With the addition of the Afterburner option, FCPX (or any other NLE) has to know that the card is present and how to offload media to the card during playback (and render?). Finally, the color pipeline in Final Cut Pro X is being updated to work in 16-bit float math, as well as optimized for fast 8K workflows.
All of this requires new code and development work. With the industry now talking about 16K video, is 8K enough? Today, 4K delivery is still years away for many editors, so 8K is yet that much further. I suspect that if and when 16K gets serious traction, Apple will be ready with appropriate hardware and software technology. In the case of the new Mac Pro, this could simply mean a new Afterburner card instead of an entirely new computer.
The Apple Pro Display XDR
In tandem with the 2019 Mac Pro, Apple has also revealed the new Pro Display XDR – a 6K 32″ Retina display. It uses a similar design aesthetic to the Mac Pro, complete with a matching ventilation lattice. This display comes calibrated and is designed for HDR with 1,000 nits fullscreen, sustained brightness, and a 1,600 nit maximum. It will be interesting to see how this actually looks. Recent Final Cut Pro X updates have added HDR capabilities, but you can never get an accurate view of it on a UI display. Furthermore, the 500 nit, P3 displays used in the iMac Pros are some of the least color-accurate UI displays of any Mac that I work with. I really hope Apple gets this one right.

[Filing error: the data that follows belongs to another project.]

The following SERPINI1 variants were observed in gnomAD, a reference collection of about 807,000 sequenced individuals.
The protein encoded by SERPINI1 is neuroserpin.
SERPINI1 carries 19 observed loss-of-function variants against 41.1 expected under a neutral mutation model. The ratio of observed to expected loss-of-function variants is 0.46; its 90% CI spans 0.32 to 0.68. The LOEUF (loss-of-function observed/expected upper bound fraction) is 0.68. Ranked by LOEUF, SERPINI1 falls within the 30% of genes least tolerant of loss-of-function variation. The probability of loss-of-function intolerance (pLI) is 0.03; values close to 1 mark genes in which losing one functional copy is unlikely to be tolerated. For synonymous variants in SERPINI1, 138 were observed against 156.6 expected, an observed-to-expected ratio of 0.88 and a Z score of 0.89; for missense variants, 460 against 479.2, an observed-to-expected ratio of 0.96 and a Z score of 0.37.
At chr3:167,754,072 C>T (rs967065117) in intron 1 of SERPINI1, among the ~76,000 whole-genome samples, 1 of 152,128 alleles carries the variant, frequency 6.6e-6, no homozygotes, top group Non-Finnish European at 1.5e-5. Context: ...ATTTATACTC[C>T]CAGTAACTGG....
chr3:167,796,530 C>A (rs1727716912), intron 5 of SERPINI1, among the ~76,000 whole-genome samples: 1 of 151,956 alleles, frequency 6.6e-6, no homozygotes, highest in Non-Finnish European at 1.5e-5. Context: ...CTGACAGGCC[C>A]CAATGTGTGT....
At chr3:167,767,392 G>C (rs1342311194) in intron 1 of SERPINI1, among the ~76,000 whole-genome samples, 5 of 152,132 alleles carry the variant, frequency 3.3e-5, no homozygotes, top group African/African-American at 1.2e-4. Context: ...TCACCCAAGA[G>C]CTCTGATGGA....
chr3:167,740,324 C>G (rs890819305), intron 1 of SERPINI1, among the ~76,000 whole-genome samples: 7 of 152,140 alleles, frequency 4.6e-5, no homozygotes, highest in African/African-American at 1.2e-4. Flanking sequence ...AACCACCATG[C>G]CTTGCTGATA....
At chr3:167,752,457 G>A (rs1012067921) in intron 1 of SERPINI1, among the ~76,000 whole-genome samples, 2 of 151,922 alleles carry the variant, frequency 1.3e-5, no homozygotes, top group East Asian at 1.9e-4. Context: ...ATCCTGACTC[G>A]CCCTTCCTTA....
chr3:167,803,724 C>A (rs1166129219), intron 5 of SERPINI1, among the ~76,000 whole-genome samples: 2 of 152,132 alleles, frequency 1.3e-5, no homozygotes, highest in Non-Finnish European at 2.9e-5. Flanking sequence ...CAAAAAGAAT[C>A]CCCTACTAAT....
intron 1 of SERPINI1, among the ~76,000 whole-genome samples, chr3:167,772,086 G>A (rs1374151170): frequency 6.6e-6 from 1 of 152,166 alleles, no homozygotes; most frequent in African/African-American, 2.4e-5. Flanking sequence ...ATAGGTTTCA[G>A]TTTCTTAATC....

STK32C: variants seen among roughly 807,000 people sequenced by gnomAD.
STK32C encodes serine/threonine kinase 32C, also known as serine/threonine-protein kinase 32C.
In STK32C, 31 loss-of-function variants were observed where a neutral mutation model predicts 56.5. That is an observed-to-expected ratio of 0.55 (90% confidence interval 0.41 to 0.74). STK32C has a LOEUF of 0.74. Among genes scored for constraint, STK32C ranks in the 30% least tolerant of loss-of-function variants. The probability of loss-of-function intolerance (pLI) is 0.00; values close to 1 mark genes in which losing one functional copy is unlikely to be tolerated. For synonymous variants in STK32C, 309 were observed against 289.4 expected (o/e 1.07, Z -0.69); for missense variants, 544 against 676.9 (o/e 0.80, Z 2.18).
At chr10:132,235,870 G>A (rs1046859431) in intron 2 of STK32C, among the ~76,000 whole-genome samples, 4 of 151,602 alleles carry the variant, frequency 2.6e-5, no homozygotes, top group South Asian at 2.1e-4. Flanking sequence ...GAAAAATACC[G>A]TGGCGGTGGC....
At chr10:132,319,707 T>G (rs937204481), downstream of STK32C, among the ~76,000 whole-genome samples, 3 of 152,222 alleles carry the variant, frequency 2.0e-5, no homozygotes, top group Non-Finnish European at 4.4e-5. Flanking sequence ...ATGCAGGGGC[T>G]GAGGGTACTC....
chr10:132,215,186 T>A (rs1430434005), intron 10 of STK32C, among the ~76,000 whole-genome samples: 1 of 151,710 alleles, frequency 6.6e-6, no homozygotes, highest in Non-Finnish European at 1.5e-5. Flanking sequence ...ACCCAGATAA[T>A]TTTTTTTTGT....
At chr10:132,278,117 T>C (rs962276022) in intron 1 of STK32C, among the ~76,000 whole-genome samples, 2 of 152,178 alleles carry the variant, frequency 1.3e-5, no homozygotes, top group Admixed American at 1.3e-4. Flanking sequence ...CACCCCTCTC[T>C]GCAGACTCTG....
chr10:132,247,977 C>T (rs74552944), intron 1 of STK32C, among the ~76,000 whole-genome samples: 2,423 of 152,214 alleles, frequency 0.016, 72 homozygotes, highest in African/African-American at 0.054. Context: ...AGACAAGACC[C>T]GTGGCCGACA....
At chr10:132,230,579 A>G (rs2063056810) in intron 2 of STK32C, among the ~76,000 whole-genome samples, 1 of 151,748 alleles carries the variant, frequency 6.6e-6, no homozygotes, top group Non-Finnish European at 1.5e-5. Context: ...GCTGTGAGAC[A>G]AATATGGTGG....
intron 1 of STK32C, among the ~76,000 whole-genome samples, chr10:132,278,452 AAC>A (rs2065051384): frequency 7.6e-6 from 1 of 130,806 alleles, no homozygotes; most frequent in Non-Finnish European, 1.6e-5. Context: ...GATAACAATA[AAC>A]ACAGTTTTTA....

To sell the industry on this display, Apple is making the cost and feature comparison between this new display and actual HDR color reference displays costing in the $30K-40K range. Think Flanders Scientific or Sony. The dirty little HDR secret is that when you display an image at the maximum nit level across the entire screen, the display will dim in order to prevent damage. Only the most expensive displays are more tolerant of this. I would presume that the Pro Display XDR will also dim when presented with a fullscreen image of 1,600 nits, which is why their spec lists 1,000 nits fullscreen. That level is the minimum HDR spec. Of course, if you are grading real world images properly, then in my opinion, you rarely should have important picture elements at such high levels. Most of the image should be in a very similar range to SDR, with the extended range used to preserve highlight information, like a bright sky.